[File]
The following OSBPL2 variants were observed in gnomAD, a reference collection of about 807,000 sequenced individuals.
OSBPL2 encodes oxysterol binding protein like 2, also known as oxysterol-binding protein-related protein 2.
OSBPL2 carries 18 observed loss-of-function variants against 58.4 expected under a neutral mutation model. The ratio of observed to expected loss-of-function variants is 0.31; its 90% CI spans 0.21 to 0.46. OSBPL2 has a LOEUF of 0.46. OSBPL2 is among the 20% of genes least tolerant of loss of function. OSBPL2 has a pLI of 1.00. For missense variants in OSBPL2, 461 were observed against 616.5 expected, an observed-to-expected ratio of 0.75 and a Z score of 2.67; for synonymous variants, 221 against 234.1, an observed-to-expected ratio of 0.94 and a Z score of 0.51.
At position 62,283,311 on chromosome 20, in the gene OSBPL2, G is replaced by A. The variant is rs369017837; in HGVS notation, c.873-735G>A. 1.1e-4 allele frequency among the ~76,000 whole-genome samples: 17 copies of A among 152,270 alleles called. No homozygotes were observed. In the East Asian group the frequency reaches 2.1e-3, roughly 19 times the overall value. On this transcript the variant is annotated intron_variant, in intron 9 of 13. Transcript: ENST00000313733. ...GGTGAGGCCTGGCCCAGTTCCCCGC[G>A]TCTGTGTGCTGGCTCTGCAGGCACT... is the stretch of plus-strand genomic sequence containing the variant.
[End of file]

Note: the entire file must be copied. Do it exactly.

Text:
The following OSBPL2 variants were observed in gnomAD, a reference collection of about 807,000 sequenced individuals.
OSBPL2 encodes oxysterol binding protein like 2, also known as oxysterol-binding protein-related protein 2.
OSBPL2 carries 18 observed loss-of-function variants against 58.4 expected under a neutral mutation model. The ratio of observed to expected loss-of-function variants is 0.31; its 90% CI spans 0.21 to 0.46. OSBPL2 has a LOEUF of 0.46. OSBPL2 is among the 20% of genes least tolerant of loss of function. OSBPL2 has a pLI of 1.00. For missense variants in OSBPL2, 461 were observed against 616.5 expected, an observed-to-expected ratio of 0.75 and a Z score of 2.67; for synonymous variants, 221 against 234.1, an observed-to-expected ratio of 0.94 and a Z score of 0.51.
At position 62,283,311 on chromosome 20, in the gene OSBPL2, G is replaced by A. The variant is rs369017837; in HGVS notation, c.873-735G>A. 1.1e-4 allele frequency among the ~76,000 whole-genome samples: 17 copies of A among 152,270 alleles called. No homozygotes were observed. In the East Asian group the frequency reaches 2.1e-3, roughly 19 times the overall value. On this transcript the variant is annotated intron_variant, in intron 9 of 13. Transcript: ENST00000313733. ...GGTGAGGCCTGGCCCAGTTCCCCGC[G>A]TCTGTGTGCTGGCTCTGCAGGCACT... is the stretch of plus-strand genomic sequence containing the variant.